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Wednesday 27 September 2023 Dublin: 10°C
# at a crossroads
"We're looking for a fair slice of the company we've helped build"
Luas drivers speak about their long-running dispute.

13/5/2016. Luas Drivers Strikes Disputes Sam Boal / Luas drivers Neil Mac Donnell and Alan Kavanagh at Sandyford last week. Sam Boal / /

‘WE’RE BECOMING MORE entrenched.’

The Luas strike has been going for 12 days over four months with two sides who seem to be moving farther apart.

And as the dispute goes on, the patience of an already restless public has started to wear even thinner.

But drivers mounting the picket at the Red Cow in Dublin yesterday insist they’re in it for the long-haul and that the public does have an interest in supporting their fight.

First off, Luas driver Eddie Jones argues that it’s not the public’s money they’re seeking a bigger share of.

“When the profits come in, they’ll take the profits and take them to France and we don’t get the money. People aren’t realising that,” he says of Luas operator Transdev.

Jones’ argument is one that’s put forward by many drivers on the picket-line yesterday.

7/5/2016. New Luas Cross City Works Sam Boal The Luas Cross City will mean more work for the drivers. Sam Boal

They contend that they’ve been a key part of the Luas success story over the past 12 years and want a bigger slice of the pie before further planned expansions come into play.

Longer lines out to Saggart and the Point are just two that have been been built since the Luas first start rolling in 2004. The Luas Cross City service is currently being laid down in central Dublin and longer trams are also in the pipeline.

“We’re looking for a fair slice of the company we’ve helped build,” says 12-year Luas driver Ben Watson.

For nearly 12 years people have been talking about how good the Luas is. It’s won awards for punctuality of trams, customer satisfaction. People globally say, ‘Brilliant, look at Luas in Dublin it’s brilliant.’ Gerry Madden arrived here six months ago and he makes it look like he’s been here 12 years.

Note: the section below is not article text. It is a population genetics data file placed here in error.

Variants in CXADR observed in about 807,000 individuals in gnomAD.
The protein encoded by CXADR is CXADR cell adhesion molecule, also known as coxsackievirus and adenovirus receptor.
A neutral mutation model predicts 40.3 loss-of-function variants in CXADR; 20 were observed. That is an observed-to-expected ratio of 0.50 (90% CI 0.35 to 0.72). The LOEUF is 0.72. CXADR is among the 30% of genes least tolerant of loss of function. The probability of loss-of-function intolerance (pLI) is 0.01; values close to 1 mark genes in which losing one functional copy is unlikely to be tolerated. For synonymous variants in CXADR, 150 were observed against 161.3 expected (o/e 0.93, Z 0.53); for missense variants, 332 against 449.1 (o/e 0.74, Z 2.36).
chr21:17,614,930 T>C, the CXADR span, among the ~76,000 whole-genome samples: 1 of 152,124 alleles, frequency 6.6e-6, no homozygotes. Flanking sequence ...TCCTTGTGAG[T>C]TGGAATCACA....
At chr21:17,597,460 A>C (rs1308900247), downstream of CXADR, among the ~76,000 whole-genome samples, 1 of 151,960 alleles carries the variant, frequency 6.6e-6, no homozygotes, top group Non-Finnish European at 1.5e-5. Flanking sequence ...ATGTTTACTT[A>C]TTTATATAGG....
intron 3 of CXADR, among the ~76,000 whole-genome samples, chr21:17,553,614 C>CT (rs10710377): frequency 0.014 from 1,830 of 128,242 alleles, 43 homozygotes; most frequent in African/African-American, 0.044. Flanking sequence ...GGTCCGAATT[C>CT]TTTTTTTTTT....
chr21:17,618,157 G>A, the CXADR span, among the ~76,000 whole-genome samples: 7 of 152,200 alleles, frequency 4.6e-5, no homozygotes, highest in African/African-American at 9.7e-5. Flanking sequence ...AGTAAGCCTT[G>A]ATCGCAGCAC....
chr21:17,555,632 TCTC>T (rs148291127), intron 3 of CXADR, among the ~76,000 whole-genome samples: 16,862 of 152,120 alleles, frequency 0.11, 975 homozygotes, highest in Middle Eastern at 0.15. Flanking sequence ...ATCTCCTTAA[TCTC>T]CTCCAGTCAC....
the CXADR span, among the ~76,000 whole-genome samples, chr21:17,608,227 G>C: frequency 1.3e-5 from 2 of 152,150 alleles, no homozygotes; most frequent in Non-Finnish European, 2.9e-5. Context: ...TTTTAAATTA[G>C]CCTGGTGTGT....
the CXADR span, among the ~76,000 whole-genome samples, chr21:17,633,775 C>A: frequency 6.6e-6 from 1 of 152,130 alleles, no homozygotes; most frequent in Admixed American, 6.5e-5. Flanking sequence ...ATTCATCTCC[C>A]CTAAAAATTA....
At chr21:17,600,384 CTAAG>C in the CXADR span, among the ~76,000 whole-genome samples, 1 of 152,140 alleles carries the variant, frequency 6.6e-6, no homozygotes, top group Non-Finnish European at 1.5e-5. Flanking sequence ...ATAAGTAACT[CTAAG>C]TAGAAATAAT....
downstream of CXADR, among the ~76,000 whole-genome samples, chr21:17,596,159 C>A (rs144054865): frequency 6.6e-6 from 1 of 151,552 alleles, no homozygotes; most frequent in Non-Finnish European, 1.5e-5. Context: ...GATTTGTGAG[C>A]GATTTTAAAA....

Pretty much every single driver who spoke yesterday mentioned Transdev Ireland’s managing director by name and the dispute certainly feels a bit personal at this point.

IMG_2543 Luas drivers Ben Watson and Niall Cahill on the picket at the Red Cow.

Jonathan Somers agrees. He says he feels hurt by the company of late by being demonised in the media.

“The Luas has been running for 12 years and it’s been built on the drivers’ work ethic, and everything we’ve done we’ve done to promote it from the front line.”

We’ve made it a success. Hail, rain and snow, like back in 2010 and 2011 with the heavy snows. Coming in at three o’clock in the morning, driving down the M50 on your own in a car to get in and get people to work early in the morning.


It’s this unseen work that the drivers point to.

They say that their shifts start as early as 4am and finish as late as 1am with drivers rostered on 364 days a year. The 172 drivers also have to work every second weekend and the Bank Holiday days they work are repaid in the form of days in lieu.

Luas strike Niall Carson / PA Wire The empty Red Cow Luas stop. Niall Carson / PA Wire / PA Wire

These hours do nothing for work-life-balance, according to Jones.

“My daughter only proved it to me yesterday,” he says.

I came in on Monday morning and I brought my daughter to school. I went into work at 12pm and came home at 9.30pm, my daughter was in bed. I did the same thing the following morning and the day after. When I came home my daughter was in bed and I was in at nine o’clock the next morning. I didn’t even see my daughter for the best part of three days. I saw her for about an hour over three days.